Provided by the career experts at OfficeTeam
Proud supporters of the IAAP and Administrative Professional’s Week
Professional development tips remain key, regardless of where you are in your career. Continually developing your professional skills is critical to maintaining your marketability and shoring up your job security. With business in a constant state of change, it’s critical to have a direction and prepare for contingencies. Committing to the continual nurturing of your career can help you maintain course even in the stormiest of economic times.
But don’t rely on your current position or employer alone to provide ongoing enhancement. To grow professionally and achieve success — as you define it — you must set objectives and build an action plan. Fortunately, today’s business environment provides many opportunities to keep your career in forward motion — if you know how to seize them.
Professional development tips
- Have a vision. Where do you see yourself in five years? In 10? What kind of working environment do you prefer? Maybe you’d like to move from an inside, desk-based job to an outdoor line of work. Or perhaps you’d like to be your own boss. Determine what’s most important to you and avoid becoming so enveloped in day-to-day priorities you lose sight of the big picture and your end goals and dreams.
- Develop a road map. To help you remain on track with your professional objectives, create a broad outline of the steps you need to take. Setting goalshelps keep you focused. Create time horizons — monthly and yearly targets as well as those with longer-term time frames. For example, maybe you’re looking to retire from your current line of work in about a decade, but you think you’d like to teach full-time after that. Your timeline might include researching over the next three months local colleges that offer appropriate credentials; slotting time to attend the necessary courses over the next couple of years; then perhaps seeking a part-time teaching role in five years. Periodically set aside time — perhaps even several days — to reflect on what you’ve accomplished and where you’re headed. Make adjustments as necessary.
- Capitalize on opportunities. Pursue responsibilities and positions logically keyed to your goals. With many organizations running on reduced resources, there are numerous chances to take on more assignments. Look around you — are there jobs going undone for which you could volunteer? Perhaps you’ve wanted to transfer to another department which is now struggling to meet demands — can you offer your services on special projects? This would not only help you establish a foothold in that group but will also build your experience and broaden your skills base.
- Conduct yourself with integrity. Most professionals face a multitude of ethical decisions almost on a daily basis. Recent high-profile corporate scandals have reemphasized the importance of maintaining impeccable ethics. Your reputation is the foundation for all your future successes, so keep in mind that breaches in ethics can do irreparable damage.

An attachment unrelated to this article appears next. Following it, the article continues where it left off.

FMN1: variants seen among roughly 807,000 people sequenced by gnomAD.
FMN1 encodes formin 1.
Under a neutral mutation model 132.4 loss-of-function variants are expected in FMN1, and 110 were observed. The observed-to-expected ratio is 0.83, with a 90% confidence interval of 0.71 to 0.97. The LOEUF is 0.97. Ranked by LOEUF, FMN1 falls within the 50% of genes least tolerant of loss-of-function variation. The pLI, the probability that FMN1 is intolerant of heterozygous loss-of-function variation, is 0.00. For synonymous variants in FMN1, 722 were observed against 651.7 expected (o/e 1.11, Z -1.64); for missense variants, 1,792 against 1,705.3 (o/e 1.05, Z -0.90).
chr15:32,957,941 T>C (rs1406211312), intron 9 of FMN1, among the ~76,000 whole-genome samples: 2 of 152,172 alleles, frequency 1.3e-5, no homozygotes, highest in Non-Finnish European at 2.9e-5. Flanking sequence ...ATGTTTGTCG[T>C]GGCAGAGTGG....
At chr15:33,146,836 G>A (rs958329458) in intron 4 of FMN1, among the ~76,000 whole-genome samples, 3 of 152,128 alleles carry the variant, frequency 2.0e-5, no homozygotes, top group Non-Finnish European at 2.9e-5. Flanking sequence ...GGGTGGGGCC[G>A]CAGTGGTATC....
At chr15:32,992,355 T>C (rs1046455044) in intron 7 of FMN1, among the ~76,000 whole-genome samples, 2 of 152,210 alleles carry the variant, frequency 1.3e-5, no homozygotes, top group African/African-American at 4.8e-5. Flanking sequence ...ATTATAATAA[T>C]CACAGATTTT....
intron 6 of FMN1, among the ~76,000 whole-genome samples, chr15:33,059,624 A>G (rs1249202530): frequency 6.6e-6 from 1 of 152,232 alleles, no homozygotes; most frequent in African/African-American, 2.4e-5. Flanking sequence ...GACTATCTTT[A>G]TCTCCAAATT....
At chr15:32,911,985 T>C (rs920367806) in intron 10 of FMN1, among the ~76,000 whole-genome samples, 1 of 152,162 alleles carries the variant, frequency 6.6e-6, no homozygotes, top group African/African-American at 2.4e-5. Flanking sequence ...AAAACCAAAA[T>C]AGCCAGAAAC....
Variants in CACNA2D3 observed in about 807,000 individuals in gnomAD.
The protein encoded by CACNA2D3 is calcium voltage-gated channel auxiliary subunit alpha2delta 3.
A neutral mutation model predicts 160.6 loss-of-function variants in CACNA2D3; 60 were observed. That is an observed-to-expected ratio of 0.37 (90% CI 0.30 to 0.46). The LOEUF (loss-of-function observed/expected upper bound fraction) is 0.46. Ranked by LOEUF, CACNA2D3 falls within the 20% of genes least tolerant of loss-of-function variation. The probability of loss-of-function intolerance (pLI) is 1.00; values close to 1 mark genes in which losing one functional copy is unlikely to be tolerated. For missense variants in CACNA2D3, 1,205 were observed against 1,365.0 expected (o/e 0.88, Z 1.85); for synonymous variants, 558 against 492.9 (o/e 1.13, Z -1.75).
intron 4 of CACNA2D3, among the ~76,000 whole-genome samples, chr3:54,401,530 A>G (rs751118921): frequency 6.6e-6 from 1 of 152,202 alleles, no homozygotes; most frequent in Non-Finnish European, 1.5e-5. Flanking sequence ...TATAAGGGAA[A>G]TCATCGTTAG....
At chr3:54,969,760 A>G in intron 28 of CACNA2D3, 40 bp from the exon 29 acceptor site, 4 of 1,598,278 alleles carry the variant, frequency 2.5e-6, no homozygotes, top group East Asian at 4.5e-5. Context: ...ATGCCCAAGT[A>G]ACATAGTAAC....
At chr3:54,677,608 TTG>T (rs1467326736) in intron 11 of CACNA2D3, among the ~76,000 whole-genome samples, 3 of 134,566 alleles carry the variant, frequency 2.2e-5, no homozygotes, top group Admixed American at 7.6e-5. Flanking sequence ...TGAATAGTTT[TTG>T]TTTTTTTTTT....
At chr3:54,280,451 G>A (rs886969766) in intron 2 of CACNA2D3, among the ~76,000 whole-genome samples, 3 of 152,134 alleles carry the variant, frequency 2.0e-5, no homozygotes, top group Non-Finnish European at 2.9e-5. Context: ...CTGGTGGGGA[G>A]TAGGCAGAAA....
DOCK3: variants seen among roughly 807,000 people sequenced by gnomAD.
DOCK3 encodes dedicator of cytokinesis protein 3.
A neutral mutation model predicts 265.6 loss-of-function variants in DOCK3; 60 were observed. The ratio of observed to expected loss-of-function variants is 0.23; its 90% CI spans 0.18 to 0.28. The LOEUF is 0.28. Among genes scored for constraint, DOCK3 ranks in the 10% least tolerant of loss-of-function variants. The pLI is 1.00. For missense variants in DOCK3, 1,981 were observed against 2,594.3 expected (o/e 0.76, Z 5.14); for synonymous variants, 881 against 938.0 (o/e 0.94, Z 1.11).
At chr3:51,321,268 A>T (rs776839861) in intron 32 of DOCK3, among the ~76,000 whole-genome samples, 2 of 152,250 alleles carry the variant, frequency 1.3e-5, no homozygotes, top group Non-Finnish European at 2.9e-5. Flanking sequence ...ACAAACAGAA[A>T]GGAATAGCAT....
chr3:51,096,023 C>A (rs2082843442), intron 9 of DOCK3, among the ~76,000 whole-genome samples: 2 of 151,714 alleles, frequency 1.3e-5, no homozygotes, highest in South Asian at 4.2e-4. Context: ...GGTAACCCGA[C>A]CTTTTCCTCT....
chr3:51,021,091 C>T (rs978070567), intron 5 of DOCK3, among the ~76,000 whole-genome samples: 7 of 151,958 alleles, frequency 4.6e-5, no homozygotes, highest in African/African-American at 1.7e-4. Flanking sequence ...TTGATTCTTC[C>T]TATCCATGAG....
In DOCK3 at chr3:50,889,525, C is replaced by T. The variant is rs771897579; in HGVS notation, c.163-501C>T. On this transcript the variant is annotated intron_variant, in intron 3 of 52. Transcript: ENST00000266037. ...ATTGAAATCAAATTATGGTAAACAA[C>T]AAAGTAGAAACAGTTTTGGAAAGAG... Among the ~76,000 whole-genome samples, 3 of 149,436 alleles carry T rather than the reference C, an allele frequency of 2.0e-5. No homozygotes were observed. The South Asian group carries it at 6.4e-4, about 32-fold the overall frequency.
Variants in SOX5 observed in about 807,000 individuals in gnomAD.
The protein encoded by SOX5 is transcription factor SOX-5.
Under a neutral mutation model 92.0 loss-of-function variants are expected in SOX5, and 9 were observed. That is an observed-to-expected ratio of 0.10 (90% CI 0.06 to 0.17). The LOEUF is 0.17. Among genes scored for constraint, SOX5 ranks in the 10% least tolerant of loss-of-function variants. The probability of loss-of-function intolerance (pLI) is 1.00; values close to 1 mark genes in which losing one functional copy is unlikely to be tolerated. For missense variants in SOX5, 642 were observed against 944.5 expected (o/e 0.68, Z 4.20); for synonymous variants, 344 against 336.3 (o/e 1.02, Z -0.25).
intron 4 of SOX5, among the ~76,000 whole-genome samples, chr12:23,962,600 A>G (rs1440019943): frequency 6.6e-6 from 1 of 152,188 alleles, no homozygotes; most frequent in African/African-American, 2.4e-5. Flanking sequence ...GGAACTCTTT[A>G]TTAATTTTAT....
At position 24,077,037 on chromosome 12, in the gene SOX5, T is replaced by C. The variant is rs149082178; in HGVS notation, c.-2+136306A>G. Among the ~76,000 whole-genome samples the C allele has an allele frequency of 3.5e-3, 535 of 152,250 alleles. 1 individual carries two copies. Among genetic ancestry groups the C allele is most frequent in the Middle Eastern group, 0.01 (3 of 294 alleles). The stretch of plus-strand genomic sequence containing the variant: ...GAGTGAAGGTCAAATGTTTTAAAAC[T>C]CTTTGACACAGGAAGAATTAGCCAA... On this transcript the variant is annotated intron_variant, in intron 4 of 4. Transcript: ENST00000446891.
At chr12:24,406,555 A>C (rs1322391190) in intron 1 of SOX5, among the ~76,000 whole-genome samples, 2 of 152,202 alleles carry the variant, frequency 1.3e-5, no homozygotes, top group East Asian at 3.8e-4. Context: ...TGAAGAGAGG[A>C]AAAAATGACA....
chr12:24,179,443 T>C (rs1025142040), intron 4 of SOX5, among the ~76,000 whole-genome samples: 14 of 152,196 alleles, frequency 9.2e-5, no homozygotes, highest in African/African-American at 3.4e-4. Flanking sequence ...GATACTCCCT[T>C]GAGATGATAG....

- Become a better communicator. Develop the ability to listen to others; hear the spoken words but also understand the concerns and motivations they may be conveying. And when it’s your turn to contribute, strive to communicate as clearly, concisely, and persuasively on paper and in e-mail as you do in person or over the telephone. The most successful professionals and leaders typically are also the best communicators. As you progress in your career, these skills will likely be tapped increasingly as you’re faced with more challenging, sensitive or complicated situations and problems that need to be navigated.
- Commit to lifelong learning. Take reasonable steps to stay abreast of new developments in your field. Most professional and trade associations, organizations and publications have their own websites, making it easier and more convenient than ever to stay up-to-date. Be sure to read relevant materials regularly and seek out job training.
- Maintain and expand your network. For many professionals, networking has played an important part in their career advancement. True, staying connected with people takes time and effort — two precious commodities. But by creating an organized schedule, you can usually incorporate time to mingle with colleagues at an association meeting or another professional event.
- Stay visible. Without clamoring for constant attention, be sure that your manager is aware of your hard work and accomplishments. Contribute ideas during meetings that can improve business practices. Remain open to opportunities that fall outside your job description, as these may serve as springboards to career advancement.
Professionals across all industries are increasingly taking ownership of their careers, proactively driving their own development and mobility. With some foresight and planning, you can forge your own career path and fulfill your personal vision of success. Be your own agent.
OfficeTeam is the world’s leading staffing service specializing in the temporary placement of highly skilled office and administrative support professionals. For more information on OfficeTeam or Administrative Professional’s Week, please visit the website at www.officeteam.com.
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